Gender inequality is a concerning problem in the fashion industry. The Design Council’s 2018 report stated that ‘78% of the UK’s design workforce is male’. Moreover, women are less likely than men to be in senior roles, with only ‘17% of design managers being female’ (2018, p. 7). Furthermore, and perhaps quite shockingly, this situation has developed ‘despite women making up 63% of all students studying creative arts and design courses at university’ (2018, p. 53).
These surprising statistics suggest that while design is an industry that has historically been considered feminine, women within the industry are not respected, or treated equally. The above data also unveils a pattern of women being associated with craft, whilst men, argues sociologist Christine Hughes, are often associated with the higher arts and design industries (Hughes, 2012, p. 446). Even ‘qualities such as creativity and talent are socially constructed characteristics often associated with privileged masculinity’, argued Roszika Parker, in her seminal 1984 book, The Subversive Stitch (2010 , p. 218). It is clear that historically formed social stereotypes around femininity and masculinity influence women’s opportunities in the fashion industry today.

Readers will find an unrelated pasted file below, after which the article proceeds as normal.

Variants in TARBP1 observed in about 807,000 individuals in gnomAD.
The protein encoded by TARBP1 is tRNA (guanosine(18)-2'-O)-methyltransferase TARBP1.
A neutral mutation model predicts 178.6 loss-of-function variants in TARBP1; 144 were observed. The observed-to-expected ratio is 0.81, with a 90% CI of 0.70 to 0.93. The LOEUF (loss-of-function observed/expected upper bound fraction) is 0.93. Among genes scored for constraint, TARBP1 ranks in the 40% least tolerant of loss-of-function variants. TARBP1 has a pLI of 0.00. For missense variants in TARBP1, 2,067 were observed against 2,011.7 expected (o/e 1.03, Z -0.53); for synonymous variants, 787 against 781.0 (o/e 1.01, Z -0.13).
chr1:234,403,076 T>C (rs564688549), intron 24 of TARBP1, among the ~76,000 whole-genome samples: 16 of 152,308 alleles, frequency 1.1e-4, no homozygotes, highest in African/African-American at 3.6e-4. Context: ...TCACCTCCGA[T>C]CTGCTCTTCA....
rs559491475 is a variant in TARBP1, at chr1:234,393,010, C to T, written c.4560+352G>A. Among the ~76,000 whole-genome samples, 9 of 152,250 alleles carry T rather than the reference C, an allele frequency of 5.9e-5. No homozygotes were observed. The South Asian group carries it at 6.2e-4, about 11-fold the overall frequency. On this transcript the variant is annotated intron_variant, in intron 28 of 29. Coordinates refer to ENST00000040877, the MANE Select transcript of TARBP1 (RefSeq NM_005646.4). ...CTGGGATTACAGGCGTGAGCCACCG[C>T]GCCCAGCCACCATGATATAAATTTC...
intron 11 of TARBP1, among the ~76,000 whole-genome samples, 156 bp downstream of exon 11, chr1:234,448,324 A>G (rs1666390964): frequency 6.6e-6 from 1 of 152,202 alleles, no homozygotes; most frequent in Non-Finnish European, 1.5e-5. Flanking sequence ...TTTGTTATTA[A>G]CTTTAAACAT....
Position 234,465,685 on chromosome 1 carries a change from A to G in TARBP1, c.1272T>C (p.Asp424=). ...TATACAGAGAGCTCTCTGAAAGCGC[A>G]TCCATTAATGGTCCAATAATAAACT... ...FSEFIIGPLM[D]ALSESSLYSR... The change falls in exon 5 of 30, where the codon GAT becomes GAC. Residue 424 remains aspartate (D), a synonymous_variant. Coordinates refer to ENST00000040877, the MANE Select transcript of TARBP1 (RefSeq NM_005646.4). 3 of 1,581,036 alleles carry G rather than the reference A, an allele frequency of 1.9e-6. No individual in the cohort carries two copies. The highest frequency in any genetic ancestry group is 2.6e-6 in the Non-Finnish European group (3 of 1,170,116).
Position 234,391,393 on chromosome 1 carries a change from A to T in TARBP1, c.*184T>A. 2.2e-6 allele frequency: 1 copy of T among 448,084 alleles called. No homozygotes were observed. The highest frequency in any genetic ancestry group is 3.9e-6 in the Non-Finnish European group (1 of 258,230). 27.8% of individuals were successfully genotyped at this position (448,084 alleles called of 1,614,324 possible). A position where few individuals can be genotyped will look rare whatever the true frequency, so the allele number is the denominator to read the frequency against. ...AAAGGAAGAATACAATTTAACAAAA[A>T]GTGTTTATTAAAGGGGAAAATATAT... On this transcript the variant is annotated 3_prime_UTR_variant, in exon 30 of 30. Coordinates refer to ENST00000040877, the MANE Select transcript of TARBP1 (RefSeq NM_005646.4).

While one might suppose that women would dominate the field of fashion design for women, in fact, women designers have been in the past and continue today to be outnumbered by male designers in the field of fashion design for women (Crane, 1999, p. 61).